The Mayor, Warden or Councillor should be aware that there are a number of laws that govern elected officials activities, which go well beyond the Municipal Government Act.
The Mayor, Warden or Councillor should be aware that there are a number of laws that govern elected officials activities, which go well beyond the Municipal Government Act. As some of these Acts have penalties, all potential and incumbent elected officials should take heed. Below are the more central concerns to elected officials.
Municipal Government Act (MGA)
- Regional Municipalities must have a Chief Administrative Officer System
- MGA requirements of a CAO are that:
- CAO SHALL administer staff and municipal business in accordance to policy and bylaws;
- Council SHALL communicate with employees of municipality through CAO;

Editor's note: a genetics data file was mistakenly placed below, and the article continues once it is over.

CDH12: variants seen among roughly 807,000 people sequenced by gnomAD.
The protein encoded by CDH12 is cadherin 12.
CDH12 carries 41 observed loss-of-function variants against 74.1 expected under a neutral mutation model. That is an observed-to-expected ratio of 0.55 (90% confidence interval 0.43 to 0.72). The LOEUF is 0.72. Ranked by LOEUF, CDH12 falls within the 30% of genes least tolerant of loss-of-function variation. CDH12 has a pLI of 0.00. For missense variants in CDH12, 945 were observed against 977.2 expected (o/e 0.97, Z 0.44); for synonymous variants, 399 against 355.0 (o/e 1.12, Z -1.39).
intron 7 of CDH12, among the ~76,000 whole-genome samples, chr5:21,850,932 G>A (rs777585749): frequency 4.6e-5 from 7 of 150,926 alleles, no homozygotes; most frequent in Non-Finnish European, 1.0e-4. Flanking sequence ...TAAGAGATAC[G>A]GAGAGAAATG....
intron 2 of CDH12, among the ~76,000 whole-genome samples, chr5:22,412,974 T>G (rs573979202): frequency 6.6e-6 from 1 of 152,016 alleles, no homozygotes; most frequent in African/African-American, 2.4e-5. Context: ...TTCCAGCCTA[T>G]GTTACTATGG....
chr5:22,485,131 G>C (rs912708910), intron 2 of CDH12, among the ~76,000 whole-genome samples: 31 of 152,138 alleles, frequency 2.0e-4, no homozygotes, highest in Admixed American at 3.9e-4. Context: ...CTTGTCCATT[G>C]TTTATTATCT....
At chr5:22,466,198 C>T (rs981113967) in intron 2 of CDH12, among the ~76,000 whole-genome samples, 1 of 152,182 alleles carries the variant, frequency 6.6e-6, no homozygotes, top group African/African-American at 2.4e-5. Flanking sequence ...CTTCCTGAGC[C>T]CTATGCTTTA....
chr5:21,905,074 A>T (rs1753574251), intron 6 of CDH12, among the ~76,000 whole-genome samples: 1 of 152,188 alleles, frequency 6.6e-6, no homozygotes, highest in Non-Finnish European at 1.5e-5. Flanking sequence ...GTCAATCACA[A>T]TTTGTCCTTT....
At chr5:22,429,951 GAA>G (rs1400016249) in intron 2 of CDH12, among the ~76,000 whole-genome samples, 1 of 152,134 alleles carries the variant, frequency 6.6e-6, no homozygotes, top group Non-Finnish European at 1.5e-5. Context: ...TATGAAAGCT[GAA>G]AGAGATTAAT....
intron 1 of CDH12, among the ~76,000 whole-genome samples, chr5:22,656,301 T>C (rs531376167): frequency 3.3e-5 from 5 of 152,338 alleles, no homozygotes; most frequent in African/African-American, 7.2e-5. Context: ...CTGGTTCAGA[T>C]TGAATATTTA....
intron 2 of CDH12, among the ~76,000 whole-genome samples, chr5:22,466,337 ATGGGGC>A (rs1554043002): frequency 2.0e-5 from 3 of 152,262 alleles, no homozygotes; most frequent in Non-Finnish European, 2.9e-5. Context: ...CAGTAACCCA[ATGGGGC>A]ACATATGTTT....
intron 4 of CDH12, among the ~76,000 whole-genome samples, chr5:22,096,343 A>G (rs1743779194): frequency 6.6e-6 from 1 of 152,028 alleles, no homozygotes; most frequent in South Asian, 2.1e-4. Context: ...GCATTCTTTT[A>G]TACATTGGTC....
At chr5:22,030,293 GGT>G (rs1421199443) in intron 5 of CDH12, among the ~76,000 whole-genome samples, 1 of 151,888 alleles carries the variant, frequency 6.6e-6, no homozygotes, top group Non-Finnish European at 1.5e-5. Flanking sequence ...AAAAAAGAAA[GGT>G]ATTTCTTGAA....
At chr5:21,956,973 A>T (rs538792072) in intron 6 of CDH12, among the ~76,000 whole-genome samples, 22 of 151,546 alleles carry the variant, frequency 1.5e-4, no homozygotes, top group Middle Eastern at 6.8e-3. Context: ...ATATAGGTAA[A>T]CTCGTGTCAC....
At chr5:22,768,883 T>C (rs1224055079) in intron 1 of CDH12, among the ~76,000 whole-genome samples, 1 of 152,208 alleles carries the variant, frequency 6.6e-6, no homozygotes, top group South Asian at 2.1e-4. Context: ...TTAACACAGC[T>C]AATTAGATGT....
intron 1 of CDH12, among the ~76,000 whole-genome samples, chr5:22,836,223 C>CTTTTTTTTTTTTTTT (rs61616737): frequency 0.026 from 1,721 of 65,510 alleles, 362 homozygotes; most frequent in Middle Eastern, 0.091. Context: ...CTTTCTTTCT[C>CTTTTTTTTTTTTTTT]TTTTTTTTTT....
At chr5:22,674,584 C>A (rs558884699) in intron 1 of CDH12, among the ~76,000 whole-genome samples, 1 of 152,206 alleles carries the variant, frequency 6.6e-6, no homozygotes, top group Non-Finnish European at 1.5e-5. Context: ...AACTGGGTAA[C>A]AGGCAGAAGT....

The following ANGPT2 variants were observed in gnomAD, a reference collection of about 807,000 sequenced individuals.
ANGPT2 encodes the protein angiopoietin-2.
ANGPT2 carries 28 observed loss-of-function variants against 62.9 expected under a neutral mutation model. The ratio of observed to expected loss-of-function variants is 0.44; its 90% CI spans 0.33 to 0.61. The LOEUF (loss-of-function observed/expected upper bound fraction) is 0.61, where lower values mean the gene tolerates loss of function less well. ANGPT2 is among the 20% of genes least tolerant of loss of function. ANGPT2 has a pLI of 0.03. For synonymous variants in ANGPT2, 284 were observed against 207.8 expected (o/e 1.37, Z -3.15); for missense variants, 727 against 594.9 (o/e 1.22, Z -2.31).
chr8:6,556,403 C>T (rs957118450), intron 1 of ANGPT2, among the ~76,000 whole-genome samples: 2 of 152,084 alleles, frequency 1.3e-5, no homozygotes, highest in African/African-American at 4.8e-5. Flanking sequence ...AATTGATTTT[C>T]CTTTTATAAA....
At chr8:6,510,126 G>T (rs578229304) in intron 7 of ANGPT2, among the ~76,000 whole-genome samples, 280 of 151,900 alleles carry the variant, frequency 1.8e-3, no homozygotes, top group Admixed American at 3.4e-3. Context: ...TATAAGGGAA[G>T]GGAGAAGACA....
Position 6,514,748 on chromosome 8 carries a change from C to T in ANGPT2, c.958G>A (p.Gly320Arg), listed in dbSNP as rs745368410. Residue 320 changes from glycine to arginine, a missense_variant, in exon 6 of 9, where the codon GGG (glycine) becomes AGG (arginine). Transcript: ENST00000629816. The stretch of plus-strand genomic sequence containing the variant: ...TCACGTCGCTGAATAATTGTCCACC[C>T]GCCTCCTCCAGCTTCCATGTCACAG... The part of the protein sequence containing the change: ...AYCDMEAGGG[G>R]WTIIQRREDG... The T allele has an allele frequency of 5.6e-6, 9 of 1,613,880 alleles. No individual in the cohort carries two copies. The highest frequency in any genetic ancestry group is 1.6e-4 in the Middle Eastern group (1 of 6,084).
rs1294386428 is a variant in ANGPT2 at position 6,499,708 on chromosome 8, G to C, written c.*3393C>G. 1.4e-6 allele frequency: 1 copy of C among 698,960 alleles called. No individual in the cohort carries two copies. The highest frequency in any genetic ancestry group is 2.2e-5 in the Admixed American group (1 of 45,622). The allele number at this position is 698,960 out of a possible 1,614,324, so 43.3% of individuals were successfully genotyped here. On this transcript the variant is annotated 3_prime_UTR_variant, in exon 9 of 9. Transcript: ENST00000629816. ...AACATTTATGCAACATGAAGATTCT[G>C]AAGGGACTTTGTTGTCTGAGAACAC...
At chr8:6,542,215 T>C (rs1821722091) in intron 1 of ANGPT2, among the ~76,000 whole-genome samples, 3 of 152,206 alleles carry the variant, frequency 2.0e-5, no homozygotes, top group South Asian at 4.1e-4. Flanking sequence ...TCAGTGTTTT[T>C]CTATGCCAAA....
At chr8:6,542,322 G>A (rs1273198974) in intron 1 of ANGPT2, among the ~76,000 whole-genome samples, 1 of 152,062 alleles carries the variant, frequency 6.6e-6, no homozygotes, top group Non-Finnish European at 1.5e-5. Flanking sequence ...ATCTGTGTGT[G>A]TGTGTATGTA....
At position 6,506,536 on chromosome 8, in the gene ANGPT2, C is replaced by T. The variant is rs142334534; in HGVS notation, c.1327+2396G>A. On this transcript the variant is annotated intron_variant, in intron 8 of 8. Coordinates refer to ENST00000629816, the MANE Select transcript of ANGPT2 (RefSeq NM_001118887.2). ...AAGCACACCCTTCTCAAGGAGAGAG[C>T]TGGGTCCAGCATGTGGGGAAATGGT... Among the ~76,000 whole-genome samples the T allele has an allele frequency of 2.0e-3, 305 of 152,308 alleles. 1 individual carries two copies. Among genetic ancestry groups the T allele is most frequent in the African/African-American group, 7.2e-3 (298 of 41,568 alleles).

- Council SHALL provide direction on administration, plans, policies and programs of the CAO; and
- Members of Council or Committees SHALL NOT instruct or give direction either publically or privately to an employee of the municipality.
- Any Councillor or employee of the municipality who discloses confidential material and as a result the municipality has lost financially, the Counicllor and employee shall be liable to the amount of lost opportunities.
- A person who violates a provision of the MGA or an order or regulation or bylaw in accordance with the MGA is subject to the following;
- Up to $10,000 fine; and
- Up to 2 month imprisonment.
- Under the Criminal Code, any elected official who is found to be in breach of trust could face up to 5 years imprisonment.
- Unlike Federal and Provincial legislatures, Councillors do not have any Parliamentary Privilege, therefore they are not protected from any Libel Lawsuits that may arise from any comments they may say at Council regarding an individual, business or organization.
Municipal Conflict of Interest Act
Any elected official who is found to be in conflict of interest may:
- Forfeit their office;
- Face a 10 year ban on running for elected office; and
- Face up to a $25,000 fine and 1 year imprisonment.